In April of last year we shared information about the Holmes Rahe Stress scale. The scale expresses the top ten life changing incidents that will cause stress. Each item is assigned a value and when you add up the value of the events that have affected you, there is a score that can indicate your risk factor for developing illnesses.

There are two scales, one for adults and one for non-adults. For the purposes of our exploration we are going to concentrate on the adult scale.

Development of the Holmes Rahe Stress Scale

The Holmes Rahe Stress Scale was developed in the 1960s by psychiatrists Thomas Holmes and Richard Rahe. They studied the medical records of over 5,000 people to determine whether or not stressful events were causing illnesses. These patients were asked to review a list of over 40 life events to determine if there was a correlation between these events and their illnesses.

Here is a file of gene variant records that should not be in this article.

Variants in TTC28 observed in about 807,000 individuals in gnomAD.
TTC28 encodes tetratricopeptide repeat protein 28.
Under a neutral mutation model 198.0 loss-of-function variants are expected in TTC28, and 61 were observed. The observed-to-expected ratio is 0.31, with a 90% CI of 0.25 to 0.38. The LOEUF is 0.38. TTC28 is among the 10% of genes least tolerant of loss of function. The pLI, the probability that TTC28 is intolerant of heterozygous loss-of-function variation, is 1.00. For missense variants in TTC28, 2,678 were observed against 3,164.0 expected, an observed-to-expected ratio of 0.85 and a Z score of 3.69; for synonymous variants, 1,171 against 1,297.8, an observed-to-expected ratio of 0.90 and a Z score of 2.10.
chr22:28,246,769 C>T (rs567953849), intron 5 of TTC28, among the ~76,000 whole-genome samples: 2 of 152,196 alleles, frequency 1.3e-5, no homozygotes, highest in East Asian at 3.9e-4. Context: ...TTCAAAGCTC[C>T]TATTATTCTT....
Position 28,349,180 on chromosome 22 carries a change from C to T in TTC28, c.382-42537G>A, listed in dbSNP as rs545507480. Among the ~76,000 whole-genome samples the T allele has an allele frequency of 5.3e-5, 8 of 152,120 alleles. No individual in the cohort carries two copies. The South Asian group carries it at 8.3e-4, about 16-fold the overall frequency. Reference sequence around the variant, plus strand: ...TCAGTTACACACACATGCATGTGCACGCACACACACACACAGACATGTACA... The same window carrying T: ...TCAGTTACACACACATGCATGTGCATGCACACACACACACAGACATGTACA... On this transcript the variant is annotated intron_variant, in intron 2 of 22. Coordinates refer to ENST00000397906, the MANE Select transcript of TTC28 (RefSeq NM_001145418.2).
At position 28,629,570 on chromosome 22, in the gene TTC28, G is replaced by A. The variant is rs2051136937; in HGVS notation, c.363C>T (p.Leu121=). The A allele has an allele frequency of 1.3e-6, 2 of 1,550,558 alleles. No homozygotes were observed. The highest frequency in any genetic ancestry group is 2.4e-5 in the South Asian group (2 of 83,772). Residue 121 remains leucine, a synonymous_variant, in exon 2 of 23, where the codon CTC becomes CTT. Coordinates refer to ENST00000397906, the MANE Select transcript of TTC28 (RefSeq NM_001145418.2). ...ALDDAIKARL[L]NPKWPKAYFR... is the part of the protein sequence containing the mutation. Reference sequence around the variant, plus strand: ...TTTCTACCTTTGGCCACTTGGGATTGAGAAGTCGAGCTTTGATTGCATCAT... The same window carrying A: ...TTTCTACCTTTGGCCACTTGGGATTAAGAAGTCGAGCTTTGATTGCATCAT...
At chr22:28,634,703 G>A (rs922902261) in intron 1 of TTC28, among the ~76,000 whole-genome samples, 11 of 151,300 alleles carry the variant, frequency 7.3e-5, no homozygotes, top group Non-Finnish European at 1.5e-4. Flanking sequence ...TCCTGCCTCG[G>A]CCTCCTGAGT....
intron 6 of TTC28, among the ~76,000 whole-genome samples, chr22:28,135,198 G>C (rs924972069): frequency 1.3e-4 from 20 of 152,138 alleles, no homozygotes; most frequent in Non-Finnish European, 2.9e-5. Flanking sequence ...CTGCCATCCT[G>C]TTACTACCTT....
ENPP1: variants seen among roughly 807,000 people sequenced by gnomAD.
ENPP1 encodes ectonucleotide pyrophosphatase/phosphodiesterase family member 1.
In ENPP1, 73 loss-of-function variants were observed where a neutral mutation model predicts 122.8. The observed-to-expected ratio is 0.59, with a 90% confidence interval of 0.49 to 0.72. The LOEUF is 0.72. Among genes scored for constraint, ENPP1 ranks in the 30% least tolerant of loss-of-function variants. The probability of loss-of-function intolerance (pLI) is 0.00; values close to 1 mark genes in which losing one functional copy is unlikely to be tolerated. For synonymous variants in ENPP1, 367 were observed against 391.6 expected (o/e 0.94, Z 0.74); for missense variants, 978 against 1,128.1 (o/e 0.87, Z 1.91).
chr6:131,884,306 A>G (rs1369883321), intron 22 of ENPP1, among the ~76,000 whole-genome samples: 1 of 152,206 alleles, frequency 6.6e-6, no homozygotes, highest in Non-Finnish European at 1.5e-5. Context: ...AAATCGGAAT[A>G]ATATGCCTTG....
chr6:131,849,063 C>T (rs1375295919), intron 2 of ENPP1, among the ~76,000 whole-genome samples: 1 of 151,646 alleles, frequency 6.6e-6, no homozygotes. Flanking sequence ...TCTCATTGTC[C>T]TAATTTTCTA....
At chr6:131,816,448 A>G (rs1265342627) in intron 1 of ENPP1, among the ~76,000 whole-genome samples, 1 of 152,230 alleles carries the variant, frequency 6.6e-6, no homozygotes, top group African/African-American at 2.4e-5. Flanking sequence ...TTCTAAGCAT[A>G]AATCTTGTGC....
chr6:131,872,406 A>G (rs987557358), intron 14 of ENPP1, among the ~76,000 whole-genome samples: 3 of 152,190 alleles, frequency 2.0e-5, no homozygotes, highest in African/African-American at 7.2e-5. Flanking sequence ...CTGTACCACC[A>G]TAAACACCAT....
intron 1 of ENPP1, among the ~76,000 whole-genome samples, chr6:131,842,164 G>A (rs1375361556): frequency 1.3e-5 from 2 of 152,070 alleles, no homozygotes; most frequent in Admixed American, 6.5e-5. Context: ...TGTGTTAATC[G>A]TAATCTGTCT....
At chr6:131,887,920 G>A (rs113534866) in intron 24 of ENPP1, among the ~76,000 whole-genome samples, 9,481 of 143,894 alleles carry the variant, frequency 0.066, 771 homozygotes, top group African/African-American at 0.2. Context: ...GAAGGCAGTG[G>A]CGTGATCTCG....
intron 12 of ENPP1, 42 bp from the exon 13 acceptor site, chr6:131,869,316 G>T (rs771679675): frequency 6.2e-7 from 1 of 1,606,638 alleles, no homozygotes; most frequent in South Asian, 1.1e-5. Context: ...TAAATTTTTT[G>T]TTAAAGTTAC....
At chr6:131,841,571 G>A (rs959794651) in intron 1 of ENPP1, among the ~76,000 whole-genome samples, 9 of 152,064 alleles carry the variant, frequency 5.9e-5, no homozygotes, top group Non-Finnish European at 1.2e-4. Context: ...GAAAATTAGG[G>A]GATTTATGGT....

The doctors continued their research into the 1970s and conducted multiple evaluations which continued to confirm that these events did have a negative impact on overall health. They devised a scoring method that now allows medical professionals to determine the probability of the development of illness in their patients based on their life-changing and stressful experiences. The scale, called Life Changing Units, is very easy to measure. Patients are asked to indicate which of the events have occurred in their life. The associated units are added up and the resulting score indicates risk of developing illness. Scores of 300 or more results in a much higher risk of illness while a score under 150 shows only slight risk.

What adult life events are on the scale?